Submitted by AJ Cann on Fri, 18/08/2017 - 08:37

Locust Blowfly

One thing Leicestershire has going for it is that plagues of locusts are rare! But if locusts ever do descend on us, the solution may already be here. Read more...

We do get the odd individual locust, often escaped from the pet trade. Grasshoppers we have, locusts - same family, Acrididae - not so much. Eagle-eyed NatureSpotter David Gould recently found a Locust Blowfly (Stomorhina lunata) at Narborough Bog. This is a distinctive mid-sized blowfly which could be mistaken for a hoverfly or Muscid. It has a three dark stripes on the thorax and a strongly protruding lower face. Tergites 3 and 4 have orange patches on the side in males, or grey dust patches in females. The larvae of this species are predators of the egg pod of Acrididae (locusts). In the absence of locusts, it is not thought this species can prey on any British grasshoppers, so all UK records are considered vagrants. This species was once considered rare but now becoming more frequent in southern England and it has been found as far north as Lincolnshire and Nottinghamshire. Another sign of the changing fauna of VC55. Please let us have any more reports of these wanderers you may see.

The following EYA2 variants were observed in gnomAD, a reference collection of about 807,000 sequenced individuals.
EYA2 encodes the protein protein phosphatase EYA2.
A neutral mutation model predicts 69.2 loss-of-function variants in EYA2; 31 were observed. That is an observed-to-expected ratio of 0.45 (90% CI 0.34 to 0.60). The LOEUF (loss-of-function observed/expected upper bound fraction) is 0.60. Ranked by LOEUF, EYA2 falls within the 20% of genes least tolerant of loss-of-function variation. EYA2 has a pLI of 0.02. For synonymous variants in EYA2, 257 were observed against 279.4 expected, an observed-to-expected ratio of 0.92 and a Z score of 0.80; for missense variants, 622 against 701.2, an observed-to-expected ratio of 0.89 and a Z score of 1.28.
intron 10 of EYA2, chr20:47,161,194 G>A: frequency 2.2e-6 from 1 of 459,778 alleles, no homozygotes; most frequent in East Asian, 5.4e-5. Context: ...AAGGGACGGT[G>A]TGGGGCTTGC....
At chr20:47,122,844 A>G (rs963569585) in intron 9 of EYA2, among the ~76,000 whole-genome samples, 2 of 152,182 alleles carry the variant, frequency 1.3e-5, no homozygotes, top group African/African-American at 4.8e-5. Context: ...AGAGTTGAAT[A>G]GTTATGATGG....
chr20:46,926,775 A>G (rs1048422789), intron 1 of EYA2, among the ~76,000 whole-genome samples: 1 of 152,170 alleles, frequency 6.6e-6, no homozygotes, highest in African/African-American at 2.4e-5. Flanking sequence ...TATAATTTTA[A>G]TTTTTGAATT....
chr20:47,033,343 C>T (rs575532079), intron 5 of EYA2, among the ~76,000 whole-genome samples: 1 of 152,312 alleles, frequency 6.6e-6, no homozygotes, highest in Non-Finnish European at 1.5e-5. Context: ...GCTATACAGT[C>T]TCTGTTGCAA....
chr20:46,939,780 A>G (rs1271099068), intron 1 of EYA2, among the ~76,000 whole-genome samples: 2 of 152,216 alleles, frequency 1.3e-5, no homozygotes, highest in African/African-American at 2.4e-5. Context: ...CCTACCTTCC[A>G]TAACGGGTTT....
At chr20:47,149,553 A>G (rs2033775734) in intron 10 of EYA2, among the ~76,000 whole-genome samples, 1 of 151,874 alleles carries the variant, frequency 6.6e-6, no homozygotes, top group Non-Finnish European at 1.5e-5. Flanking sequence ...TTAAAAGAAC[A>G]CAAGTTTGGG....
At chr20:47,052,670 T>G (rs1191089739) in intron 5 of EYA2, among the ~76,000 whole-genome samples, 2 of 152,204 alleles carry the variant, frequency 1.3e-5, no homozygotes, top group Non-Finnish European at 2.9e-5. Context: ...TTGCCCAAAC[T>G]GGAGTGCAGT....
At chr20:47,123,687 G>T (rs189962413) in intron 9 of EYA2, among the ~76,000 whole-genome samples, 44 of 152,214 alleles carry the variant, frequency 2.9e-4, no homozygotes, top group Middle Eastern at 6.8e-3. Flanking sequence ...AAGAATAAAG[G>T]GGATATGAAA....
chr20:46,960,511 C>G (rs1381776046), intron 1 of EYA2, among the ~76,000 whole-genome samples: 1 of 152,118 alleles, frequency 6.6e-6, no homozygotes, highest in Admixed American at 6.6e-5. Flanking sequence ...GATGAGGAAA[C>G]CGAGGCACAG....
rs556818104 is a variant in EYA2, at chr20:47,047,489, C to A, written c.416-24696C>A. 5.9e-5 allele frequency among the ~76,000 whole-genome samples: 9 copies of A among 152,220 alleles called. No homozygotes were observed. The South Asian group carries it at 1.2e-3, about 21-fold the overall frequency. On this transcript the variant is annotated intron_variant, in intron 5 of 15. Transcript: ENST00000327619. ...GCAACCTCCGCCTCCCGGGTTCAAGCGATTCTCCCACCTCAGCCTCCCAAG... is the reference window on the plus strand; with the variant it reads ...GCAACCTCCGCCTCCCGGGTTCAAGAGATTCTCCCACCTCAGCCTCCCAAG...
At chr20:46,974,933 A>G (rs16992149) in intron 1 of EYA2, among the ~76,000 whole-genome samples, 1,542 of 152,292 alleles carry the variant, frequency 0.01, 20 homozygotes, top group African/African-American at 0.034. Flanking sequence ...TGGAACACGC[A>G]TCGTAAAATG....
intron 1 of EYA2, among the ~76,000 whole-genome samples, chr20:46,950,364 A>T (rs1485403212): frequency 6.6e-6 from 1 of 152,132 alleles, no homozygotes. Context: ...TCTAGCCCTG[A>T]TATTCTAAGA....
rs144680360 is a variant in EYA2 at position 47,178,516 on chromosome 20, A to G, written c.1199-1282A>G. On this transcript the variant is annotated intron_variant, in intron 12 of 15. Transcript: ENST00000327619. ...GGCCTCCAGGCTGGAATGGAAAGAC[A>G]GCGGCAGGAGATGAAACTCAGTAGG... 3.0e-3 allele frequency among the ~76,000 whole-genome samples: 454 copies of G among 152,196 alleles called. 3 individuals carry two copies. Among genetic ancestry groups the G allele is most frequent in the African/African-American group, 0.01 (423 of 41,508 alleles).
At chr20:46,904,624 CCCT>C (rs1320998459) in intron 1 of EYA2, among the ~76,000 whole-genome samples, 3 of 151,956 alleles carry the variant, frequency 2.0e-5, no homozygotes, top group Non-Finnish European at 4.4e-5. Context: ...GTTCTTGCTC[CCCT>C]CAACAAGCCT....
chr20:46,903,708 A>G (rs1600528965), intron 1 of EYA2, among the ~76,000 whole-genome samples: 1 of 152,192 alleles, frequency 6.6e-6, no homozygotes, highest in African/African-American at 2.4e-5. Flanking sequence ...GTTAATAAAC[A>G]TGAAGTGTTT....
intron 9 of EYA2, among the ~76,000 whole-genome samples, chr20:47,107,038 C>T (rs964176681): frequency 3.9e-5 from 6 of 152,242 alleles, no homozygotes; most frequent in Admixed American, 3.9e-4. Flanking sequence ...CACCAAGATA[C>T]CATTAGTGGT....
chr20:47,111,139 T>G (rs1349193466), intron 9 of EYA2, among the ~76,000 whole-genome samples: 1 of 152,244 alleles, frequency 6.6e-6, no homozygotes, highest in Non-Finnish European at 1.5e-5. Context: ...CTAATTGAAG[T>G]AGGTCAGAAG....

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Submitted by Sally Cunningham on Tue, 22/08/2017 - 18:24

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Many years ago when I worked at Leicester University Botanic Garden, one of my student gardener's tasks was to sow trays of wheat for locust fodder. Schools still keep them, and many petshops raise them for reptile food. As adult blowflies were found in Narborough Bog, I'd be looking at Blaby petshop as a possible source....